Author: Tim Grollimund
Date Published: January 2, 2017
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When I moved to the Florida Keys in 2009, I had one objective in mind. Simply, to become highly proficient as an underwater photographer. For the previous several years, I had helpd my brother take care of our ailing parents. A few days before our Dad passed away (Mom had passed several weeks before), my dad said something to me that was simple, yet profound. “Go get in the water where you belong”. I will never forget that. He knew how much I loved the sea, and for fifteen years I had not been in the water. I honor my father’s wish every time I jump off a boat.
My first foray in underwater photography was in the 1980s and 1990s. Dad loved seeing my seemingly endless slide shows in that [film/E-6] era. He knew, in my heart of hearts, I needed to be by the sea. So after he passed away, I came to the Florida Keys – and I don’t plan on living out of sight of the ocean, ever.
There are 75 ebooks in the collection. My goal is to produce one per week, which will run through all of 2017 to the middle of 2018. I will post new releases on my blog site: timgrollimund.com. Stay tuned, it’s going to be an entertaining ride!
The ebooks will be initially priced at a discount for the first 90 days ($0.99). After 90 days they will increase to $2.99 – so get ‘em while they’re discounted!
The following two pages show how the column was presented in The Reporter.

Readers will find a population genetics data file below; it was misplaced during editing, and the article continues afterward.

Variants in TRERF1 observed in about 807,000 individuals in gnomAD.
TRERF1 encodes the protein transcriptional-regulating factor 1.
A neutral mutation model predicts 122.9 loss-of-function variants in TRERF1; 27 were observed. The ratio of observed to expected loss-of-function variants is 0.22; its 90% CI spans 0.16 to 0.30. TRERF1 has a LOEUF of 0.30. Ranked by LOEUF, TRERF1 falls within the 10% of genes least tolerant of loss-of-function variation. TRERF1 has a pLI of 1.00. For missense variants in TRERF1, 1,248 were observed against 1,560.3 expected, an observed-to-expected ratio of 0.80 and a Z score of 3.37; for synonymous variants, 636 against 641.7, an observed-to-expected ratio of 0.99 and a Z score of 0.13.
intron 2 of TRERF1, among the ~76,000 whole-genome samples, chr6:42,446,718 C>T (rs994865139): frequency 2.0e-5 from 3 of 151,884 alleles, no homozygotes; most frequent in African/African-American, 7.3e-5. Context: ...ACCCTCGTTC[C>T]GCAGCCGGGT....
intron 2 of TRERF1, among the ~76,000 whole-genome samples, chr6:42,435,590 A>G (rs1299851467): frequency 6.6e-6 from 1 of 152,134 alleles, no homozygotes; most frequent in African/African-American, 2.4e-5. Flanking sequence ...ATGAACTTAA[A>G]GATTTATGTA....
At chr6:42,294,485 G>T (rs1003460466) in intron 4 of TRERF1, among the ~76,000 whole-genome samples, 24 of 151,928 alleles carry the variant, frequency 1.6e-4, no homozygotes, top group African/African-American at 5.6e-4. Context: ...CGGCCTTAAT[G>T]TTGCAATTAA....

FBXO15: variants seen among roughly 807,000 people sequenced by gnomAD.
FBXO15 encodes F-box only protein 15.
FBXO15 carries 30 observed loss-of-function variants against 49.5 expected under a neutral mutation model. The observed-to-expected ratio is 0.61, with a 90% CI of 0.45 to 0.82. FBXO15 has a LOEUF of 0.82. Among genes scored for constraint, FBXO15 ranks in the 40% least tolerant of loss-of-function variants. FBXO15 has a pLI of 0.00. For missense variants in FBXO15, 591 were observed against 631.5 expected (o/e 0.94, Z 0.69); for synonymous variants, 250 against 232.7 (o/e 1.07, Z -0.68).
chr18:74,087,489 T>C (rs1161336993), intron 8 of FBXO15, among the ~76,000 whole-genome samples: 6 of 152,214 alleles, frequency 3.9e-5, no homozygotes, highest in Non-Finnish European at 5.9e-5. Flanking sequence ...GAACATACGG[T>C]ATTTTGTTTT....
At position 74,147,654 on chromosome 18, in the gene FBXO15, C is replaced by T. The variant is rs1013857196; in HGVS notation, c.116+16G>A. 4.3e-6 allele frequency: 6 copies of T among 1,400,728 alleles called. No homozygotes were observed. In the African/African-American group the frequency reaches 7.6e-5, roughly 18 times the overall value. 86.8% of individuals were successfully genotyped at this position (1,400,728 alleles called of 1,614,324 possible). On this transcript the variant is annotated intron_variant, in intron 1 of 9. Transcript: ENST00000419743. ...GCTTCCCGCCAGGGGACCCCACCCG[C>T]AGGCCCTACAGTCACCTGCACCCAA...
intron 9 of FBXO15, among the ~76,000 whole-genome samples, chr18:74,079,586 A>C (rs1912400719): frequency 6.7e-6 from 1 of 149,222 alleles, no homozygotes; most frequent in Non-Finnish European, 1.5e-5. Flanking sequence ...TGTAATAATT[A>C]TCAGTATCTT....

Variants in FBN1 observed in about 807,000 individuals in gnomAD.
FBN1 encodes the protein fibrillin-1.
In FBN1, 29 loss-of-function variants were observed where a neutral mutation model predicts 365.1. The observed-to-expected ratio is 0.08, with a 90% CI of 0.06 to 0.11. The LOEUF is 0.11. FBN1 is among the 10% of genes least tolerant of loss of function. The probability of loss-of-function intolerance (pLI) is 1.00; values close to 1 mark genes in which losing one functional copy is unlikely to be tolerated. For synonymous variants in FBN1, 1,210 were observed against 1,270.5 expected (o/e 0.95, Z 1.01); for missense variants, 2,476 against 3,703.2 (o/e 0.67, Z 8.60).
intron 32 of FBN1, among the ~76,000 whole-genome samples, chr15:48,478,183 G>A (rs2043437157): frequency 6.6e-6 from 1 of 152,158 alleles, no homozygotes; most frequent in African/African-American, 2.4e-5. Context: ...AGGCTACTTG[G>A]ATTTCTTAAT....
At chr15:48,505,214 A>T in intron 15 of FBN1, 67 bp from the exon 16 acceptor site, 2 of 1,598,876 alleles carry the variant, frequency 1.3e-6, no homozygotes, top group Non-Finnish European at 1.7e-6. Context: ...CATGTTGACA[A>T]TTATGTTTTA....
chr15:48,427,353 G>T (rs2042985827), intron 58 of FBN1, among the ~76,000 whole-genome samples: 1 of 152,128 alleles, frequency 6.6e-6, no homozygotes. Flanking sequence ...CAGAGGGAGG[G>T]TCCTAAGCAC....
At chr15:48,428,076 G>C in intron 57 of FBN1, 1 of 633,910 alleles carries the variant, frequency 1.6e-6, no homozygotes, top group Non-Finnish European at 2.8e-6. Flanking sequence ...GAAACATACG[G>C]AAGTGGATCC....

Good news, bad news. I have both. Bad news first. Our coral reefs are in trouble.
CRF divers performing maintenance in the nursery
Staghorn (Acropora cerviconis) and elkhorn (A. palmata) corals are listed as Threatened, just one notch below Endangered. Threatened status is terrible, but Endangered status may threaten all of our livelihoods. See this for yourself on the U.S. Fish and Wildlife web site at www.fws.gov. Under the Endangered Species entry on the left side of the screen under Programs/Resources, click and select Florida from the state list. You will see the corals right there on the same list with turtles and whales and our famous Key Largo woodrat. If you think there are lots of government restrictions now, just wait until the level elevates that final tick from T to E.
A diver carefully gathers nursery-grown coral for replanting on the reef
In earlier columns we’ve talked about the state of the reef, preserving a unique site like Snapper Ledge, and ocean acidification and its potential future impacts on our reef. All the more reason to take the time to ponder the point of our coral situation. There is no other neighborhood in the country like ours. None. All of us who make a living from the ocean, or cater to our visitors, have a way of life I personally would not trade for any other location in this country.
Delivering prepared coral fragments to the reef
Here is the good news: the Coral Restoration Foundation (see www.coralrestoration.org and www.adoptacoral.org). This is the single most important effort I believe we can undertake to help preserve and protect our way of life. There is no chicken-and-egg question here as far as ecological priorities are concerned. Without the reef we are all screwed. It IS our livelihood. If you live the the Keys, you are dependent on the coral reef. No question about it.